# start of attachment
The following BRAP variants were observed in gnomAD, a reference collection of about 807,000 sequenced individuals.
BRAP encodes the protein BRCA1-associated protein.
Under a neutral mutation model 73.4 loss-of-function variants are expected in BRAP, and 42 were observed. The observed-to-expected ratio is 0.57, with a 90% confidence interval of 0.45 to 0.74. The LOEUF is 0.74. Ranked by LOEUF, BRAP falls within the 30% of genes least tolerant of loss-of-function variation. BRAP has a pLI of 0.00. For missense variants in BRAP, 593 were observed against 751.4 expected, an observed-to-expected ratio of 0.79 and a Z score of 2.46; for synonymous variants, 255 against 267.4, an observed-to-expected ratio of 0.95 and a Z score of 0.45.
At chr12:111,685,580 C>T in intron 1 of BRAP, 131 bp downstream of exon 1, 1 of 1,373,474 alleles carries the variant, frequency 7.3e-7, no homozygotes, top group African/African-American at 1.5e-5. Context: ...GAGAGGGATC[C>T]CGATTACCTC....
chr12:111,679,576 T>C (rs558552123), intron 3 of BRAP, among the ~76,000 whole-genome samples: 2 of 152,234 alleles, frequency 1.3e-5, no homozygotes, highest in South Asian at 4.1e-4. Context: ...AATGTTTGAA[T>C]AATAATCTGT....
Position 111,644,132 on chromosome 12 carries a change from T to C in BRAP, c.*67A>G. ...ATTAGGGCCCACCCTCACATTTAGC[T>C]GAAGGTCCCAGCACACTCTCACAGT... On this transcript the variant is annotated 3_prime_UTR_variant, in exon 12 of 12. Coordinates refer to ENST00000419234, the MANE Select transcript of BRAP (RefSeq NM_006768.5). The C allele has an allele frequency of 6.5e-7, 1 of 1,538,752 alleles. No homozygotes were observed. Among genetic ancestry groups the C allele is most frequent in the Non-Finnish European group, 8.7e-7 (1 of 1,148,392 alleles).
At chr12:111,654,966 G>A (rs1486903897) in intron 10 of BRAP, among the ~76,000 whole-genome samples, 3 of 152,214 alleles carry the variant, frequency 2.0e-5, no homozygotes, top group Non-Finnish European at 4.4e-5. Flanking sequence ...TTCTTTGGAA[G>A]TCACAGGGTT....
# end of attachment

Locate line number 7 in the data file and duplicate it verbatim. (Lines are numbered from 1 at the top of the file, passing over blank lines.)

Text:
At chr12:111,654,966 G>A (rs1486903897) in intron 10 of BRAP, among the ~76,000 whole-genome samples, 3 of 152,214 alleles carry the variant, frequency 2.0e-5, no homozygotes, top group Non-Finnish European at 4.4e-5. Flanking sequence ...TTCTTTGGAA[G>A]TCACAGGGTT....